In anticipation of the relaunch of the Paycheck Protection Program, the Small Business Administration (SBA) issued additional guidance through a supplemental Interim Final Rule and updated FAQs. Of critical concern to many businesses, especially following the controversy surrounding larger restaurant corporations that obtained PPP loans during the first round of funding, is whether businesses, particularly those publicly held or owned by large public companies or investors with adequate sources of liquidity to support the business’s ongoing operations qualify for a PPP loan. The FAQs clarify that, in addition to considering the applicable affiliation rules, all businesses must assess carefully their economic need for a PPP loan under the standard established by the CARES Act and the PPP regulations at the time of the loan application.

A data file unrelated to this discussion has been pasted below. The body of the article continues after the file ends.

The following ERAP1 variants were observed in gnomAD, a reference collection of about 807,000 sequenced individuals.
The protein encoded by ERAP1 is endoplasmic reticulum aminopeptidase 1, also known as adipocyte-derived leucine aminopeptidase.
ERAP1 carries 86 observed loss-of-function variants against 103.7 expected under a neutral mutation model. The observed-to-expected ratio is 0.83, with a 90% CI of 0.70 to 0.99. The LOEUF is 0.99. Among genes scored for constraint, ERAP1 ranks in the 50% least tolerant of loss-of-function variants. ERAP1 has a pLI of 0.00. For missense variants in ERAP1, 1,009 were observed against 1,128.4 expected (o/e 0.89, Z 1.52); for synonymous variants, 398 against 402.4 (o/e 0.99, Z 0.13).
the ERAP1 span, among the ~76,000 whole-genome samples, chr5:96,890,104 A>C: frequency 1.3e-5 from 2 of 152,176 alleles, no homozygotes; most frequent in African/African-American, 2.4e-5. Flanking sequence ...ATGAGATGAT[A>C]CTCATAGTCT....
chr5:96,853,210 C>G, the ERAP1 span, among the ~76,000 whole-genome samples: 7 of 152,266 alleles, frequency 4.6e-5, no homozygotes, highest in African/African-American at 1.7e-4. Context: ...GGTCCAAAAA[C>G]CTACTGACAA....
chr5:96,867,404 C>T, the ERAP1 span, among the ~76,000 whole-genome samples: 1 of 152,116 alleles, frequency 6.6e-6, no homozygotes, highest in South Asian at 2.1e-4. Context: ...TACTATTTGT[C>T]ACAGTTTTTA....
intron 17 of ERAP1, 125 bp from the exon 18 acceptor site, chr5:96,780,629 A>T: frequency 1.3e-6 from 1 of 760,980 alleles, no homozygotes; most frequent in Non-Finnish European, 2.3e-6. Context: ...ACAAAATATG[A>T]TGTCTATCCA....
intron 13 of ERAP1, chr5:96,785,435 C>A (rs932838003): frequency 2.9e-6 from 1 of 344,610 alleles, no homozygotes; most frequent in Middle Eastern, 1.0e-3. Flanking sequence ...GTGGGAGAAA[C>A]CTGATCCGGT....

During an April 22 press briefing, Treasury Secretary Steve Mnuchin advised of a then-pending FAQ response to question 31 and warned of “severe consequences” for borrowers who obtain a PPP loan based on a misunderstanding of the necessity certification. Subsequent to the issuance of the FAQ responses, on April 28, Secretary Mnuchin stated that every PPP loan of $2 million or more will be audited for program compliance prior to determination of the forgiveness amount of the loan. He indicated that such audits would focus on any other liquidity available to a PPP borrower and warned that borrowers could face “criminal liability” for false certifications.